Haiti has been a cursed nation throughout its existence. As I noted in a piece in 2004:
Exactly two hundred years ago, Haitian slaves overthrew their French masters — the first successful national slave revolt in history. What Spartacus dreamed of doing, the Haitian slaves actually accomplished. It was a tremendous achievement — and the white West has never forgiven them for it.
In order to win international recognition for their new country, Haiti was forced to pay “reparations” to the slaveowners – a crushing burden of debt they were still paying off at the end of the 19th century. The United States, which refused to recognize the country for more than 60 years, invaded Haiti in 1915, primarily to open it up to “foreign ownership of local concerns.” After 19 years of occupation, the Americans backed a series of bloodthirsty dictatorships to protect these “foreign owners.” And still it goes on.
It certainly does — even under the “enlightened” foreign policy of Barack Obama. As John Caruso reports (in separate pieces in A Distant Ocean and A Tiny Revolution), Obama and his “superstar” secretary of state, Hillary Clinton, are loudly championing the latest egregious, brutal farce that Washington and the West have foisted upon the uppity natives of Haiti.
Senatorial elections held this month by the government imposed on Haiti after the U.S.-backed coup of 2004 (more on this below) produced a turnout of less than 10 percent of eligible voters: a result that mocks any notion of a popular, legitimate democracy. But this is not because the Haitians are so lazy and disinterested that they couldn’t be bothered to vote. Nor that they are so satisfied with the benevolent, paternal care of their American-appointed masters that they saw no need to let silly electoral contests trouble their bucolic life.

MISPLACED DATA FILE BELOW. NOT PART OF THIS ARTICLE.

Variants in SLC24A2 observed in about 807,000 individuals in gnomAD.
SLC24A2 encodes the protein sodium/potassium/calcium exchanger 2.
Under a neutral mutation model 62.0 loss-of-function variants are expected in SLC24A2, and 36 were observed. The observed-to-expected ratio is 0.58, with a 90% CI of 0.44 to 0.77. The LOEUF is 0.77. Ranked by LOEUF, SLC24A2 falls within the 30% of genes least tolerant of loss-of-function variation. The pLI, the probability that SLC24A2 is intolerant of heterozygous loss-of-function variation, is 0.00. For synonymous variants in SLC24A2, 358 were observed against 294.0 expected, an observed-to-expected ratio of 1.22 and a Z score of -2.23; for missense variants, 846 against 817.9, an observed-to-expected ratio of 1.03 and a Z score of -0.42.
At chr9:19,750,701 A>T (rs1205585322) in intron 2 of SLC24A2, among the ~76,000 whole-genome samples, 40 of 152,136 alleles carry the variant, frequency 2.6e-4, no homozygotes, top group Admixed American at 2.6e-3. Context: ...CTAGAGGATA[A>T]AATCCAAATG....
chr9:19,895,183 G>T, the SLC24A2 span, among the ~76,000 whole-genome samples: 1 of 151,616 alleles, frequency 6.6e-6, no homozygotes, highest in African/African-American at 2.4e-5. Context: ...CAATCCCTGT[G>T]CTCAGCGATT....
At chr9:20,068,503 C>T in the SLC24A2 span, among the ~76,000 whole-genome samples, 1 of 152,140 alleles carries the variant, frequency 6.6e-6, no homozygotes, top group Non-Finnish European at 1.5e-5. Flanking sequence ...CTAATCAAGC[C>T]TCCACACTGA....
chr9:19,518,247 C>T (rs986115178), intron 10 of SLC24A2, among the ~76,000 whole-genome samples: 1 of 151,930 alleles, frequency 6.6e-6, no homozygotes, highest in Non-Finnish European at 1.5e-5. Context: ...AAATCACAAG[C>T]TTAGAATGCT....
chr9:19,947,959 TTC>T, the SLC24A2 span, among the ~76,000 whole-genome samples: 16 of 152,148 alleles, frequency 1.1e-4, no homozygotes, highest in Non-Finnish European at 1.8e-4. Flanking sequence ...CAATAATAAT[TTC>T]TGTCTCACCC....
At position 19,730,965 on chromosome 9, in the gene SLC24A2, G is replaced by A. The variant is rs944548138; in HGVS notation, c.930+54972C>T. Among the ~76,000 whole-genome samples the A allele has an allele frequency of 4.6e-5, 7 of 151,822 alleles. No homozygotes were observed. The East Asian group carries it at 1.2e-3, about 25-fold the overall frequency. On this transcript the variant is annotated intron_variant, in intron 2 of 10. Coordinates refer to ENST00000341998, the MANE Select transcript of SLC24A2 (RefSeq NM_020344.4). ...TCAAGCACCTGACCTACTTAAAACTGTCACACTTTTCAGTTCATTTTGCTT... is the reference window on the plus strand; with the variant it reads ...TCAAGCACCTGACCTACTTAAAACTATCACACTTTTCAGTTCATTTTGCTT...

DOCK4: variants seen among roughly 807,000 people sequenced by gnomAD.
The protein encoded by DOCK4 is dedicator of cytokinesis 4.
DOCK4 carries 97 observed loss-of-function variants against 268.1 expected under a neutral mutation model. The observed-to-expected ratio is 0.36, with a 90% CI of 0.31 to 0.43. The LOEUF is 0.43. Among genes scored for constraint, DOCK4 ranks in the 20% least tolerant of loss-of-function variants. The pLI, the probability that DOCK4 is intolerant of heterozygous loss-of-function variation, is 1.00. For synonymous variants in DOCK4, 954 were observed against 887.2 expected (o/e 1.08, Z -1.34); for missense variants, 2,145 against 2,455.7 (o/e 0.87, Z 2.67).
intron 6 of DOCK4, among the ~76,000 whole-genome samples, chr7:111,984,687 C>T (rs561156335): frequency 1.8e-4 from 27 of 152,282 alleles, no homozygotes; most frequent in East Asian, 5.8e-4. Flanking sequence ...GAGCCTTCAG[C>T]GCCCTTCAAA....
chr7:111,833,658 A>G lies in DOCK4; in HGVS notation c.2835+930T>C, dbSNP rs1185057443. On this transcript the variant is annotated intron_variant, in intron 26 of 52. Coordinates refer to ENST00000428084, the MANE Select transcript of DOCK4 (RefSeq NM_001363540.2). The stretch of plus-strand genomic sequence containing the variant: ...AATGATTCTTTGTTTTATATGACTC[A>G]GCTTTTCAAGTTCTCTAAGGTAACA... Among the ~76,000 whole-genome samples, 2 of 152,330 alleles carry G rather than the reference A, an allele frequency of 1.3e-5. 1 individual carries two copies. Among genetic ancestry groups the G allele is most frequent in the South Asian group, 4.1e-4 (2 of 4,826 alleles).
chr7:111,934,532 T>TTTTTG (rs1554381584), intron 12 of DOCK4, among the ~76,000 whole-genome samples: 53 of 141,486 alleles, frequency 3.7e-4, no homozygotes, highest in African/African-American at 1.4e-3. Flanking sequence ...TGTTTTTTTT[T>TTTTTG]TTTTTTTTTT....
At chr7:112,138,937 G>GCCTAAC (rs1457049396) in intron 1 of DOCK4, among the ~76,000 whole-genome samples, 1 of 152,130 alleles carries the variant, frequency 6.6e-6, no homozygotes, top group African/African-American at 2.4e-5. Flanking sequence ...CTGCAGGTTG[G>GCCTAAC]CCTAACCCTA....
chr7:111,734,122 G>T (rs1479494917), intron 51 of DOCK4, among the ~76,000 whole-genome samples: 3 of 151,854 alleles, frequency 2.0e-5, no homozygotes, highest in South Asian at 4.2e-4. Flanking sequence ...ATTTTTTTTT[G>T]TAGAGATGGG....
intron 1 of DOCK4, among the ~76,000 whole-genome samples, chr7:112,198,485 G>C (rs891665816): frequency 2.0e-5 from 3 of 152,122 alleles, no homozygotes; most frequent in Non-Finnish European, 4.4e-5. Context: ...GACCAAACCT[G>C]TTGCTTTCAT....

No, the 90 percent refusal rate was in fact a massive protest action, driven chiefly by the fact that the American-backed government would not allow the most popular party — the party of the government ousted by the 2004 coup — to run a slate of candidates in the election. By clerkly hook and bureaucratic crook, Haiti’s election overseers banned the Fanmi Lavalas slate back in February. At that moment, the April elections became a dead letter, a meaningless farce — yet another cruel joke played on the people of Haiti.
How did the enlightened progressives of the new American administration respond? Caruso reports:
CLINTON: The U.S. removed a military dictatorship in 1995, clearing the way for democracy. And after several years of political disputes, common in any country making a transition, Haiti began to see progress. And the national and presidential elections in 2006 really moved Haiti’s democracy forward. What the president and the prime minister are seeking is to maintain a strong commitment to democratic governance which will take another step forward with elections for the senate on Sunday.